Clearing What’s Next?

By: José Manuel Ortiz-Repiso, Head of Clearing & Repo Ops., SIX Apr 2024

Markets are being transformed by evolving market trends, regulation and digitalisation, and central counterparty clearing houses (CCPs) are having to respond.

SIX Clearing looks at how the industry is rising to this challenge.

The new European clearing landscape evolving and the proposed revisions to the European Market Infrastructure Regulation (EMIR) – commonly referred to as EMIR 3.0 – could prove disruptive for some financial institutions.

This is because EMIR 3.0 contains a few contentious provisions, including one that stipulates market participants must clear certain over-the-counter (OTC) derivative transactions (e.g. euro/Polish zloty denominated interest rate swaps, euro denominated credit default swaps, euro denominated short term interest rate derivatives, etc) in active accounts at EU-based CCPs.

Although there are concerns the rules could potentially trigger liquidity fragmentation in Europe, CCPs - including SIX Clearing - are in a strong position to support the market’s needs. SIX Clearing, which has a presence inside the EU - through its Spanish CCP – is strengthening its existing interest rate swap clearing capabilities, making it an attractive option for firms looking to clear their euro denominated interest rate swaps.

The emergence of new digital assets is forcing the clearing model to have a re-think. With investors seeking out new and uncorrelated returns and better risk diversification, many are now repositioning their portfolios away from traditional equities and fixed income towards digital assets, such as cryptocurrencies and tokenised assets.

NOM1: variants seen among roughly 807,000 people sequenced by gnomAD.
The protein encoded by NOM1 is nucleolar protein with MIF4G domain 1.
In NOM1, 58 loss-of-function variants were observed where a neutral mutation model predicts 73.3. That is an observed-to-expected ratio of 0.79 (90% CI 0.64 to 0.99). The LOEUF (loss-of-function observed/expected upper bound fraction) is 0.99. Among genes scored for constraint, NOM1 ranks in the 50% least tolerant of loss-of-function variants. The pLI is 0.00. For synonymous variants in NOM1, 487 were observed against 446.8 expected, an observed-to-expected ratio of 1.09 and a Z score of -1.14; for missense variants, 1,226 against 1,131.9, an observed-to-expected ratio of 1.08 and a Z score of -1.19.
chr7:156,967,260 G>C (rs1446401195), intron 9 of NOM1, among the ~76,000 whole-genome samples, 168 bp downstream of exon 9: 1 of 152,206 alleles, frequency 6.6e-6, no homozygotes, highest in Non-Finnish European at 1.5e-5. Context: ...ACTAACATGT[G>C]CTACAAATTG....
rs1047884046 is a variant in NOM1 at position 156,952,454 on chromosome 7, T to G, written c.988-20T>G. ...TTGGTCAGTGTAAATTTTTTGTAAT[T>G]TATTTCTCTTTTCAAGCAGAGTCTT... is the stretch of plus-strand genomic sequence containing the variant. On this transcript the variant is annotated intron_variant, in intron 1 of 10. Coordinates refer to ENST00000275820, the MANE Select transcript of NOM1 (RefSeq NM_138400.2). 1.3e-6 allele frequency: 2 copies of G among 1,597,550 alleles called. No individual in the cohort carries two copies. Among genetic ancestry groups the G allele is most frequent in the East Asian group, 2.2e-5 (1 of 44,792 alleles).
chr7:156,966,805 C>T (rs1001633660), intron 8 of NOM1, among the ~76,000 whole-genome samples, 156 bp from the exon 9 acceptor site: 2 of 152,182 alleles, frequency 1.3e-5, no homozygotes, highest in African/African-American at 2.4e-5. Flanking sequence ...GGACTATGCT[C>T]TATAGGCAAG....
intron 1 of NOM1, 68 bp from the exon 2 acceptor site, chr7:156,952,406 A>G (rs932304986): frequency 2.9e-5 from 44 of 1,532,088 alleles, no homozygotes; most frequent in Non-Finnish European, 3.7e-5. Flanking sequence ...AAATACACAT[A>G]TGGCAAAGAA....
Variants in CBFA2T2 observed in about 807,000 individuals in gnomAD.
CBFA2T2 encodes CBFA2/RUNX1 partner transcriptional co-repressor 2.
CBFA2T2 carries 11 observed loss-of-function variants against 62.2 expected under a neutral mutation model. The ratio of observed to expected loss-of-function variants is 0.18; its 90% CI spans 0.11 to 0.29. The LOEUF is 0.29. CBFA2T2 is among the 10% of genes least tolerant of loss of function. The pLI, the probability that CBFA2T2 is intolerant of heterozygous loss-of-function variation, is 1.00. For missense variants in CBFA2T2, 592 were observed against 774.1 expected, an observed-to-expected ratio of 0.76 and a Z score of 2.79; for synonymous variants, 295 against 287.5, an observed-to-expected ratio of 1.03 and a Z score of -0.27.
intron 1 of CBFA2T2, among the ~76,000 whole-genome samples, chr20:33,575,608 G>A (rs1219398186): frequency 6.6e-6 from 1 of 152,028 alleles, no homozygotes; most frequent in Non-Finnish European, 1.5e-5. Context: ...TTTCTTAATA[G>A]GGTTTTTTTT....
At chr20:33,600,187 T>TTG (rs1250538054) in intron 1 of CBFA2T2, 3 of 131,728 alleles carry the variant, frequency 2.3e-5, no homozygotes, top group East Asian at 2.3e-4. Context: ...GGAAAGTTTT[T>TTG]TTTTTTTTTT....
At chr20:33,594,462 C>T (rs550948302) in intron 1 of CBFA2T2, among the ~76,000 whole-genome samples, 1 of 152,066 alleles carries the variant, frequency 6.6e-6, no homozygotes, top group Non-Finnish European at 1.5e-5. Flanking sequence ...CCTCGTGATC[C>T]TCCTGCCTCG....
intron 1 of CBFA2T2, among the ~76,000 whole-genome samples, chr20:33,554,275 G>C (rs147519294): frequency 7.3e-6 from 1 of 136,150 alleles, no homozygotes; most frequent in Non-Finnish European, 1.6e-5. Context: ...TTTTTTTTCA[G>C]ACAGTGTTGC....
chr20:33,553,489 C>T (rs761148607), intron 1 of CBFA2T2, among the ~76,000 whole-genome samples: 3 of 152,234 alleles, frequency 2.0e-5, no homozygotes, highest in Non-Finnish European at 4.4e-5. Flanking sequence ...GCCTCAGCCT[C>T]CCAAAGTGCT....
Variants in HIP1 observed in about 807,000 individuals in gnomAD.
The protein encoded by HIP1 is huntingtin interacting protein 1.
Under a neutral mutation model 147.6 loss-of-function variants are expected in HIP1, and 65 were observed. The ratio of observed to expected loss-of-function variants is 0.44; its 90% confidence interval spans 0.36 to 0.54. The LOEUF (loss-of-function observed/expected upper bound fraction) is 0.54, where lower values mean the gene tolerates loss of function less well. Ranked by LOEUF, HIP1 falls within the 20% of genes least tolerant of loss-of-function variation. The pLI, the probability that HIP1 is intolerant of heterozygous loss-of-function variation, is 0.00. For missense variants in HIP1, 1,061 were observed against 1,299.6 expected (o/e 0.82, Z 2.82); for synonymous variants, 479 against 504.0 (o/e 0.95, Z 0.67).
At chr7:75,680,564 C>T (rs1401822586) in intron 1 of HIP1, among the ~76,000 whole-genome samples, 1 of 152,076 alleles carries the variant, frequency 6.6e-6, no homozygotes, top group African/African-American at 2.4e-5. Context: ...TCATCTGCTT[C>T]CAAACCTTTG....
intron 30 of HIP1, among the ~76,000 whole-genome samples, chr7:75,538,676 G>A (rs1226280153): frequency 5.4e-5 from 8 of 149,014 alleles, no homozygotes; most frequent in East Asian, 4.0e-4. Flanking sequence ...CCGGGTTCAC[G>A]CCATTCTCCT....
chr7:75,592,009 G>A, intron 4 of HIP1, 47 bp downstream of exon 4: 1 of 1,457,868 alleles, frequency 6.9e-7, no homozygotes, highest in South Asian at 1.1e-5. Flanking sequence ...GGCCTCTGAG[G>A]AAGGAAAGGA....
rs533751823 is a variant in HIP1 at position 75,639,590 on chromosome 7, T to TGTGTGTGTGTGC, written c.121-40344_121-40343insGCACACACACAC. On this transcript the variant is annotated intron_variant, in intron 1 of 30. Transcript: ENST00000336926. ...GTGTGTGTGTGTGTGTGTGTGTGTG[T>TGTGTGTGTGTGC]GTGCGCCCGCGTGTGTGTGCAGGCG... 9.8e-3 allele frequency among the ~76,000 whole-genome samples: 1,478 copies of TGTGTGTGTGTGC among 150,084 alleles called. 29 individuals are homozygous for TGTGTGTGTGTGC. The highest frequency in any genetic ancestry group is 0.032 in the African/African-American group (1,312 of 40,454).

If institutions are to embrace this market more widely, then the service providers facilitating the issuance, trading, custody, clearing and settlement of digital assets will need to be of much higher calibre. In short, institutional allocators will only trade digital assets if their activities are supported by regulated incumbent institutions, such as exchanges, CSDs, CCPs and global custodians.

By providing clearing solutions for digital assets, CCPs can help mitigate some of these risks, in what could encourage greater institutional investor participation in the market.

In 2023, SIX Clearing, though its Spanish CCP, obtained approval from the Spanish regulator to clear Bitcoin and Ethereum futures, denominated in USD under its new Digital Assets Derivatives Segment.

Regarding European cash equity markets, it was also announced a few days ago that SIX Clearing has started providing clearing services to ARTEX Stock Exchange, a regulated art exchange that enables people to invest and trade tokenised art shares. 

But the most relevant topic expected to dominate 2024 is the debate about interoperability versus preferred clearing and preferred interoperable clearing.

As regulation and digitalisation continue to reshape markets, those CCPs that provide multi-asset class coverage will be the ones that flourish moving forward. In particular, providers that seamlessly adapt to clients’ requirements and digital transformations will continue to win wallet share.

SIX Group has a long track record of innovation, and it is driving change in the digital asset world. This puts the CCP in an excellent position to make a meaningful difference, by institutionalising the digital asset market.

In conclusion: the future looks diversified and our role as a regulated market is to build that future by providing trust, innovation, quality and security.


The views, thoughts and opinions contained in this Focus article belong solely to the author and do not necessarily reflect the WFE’s policy position on the issue, or the WFE’s views or opinions.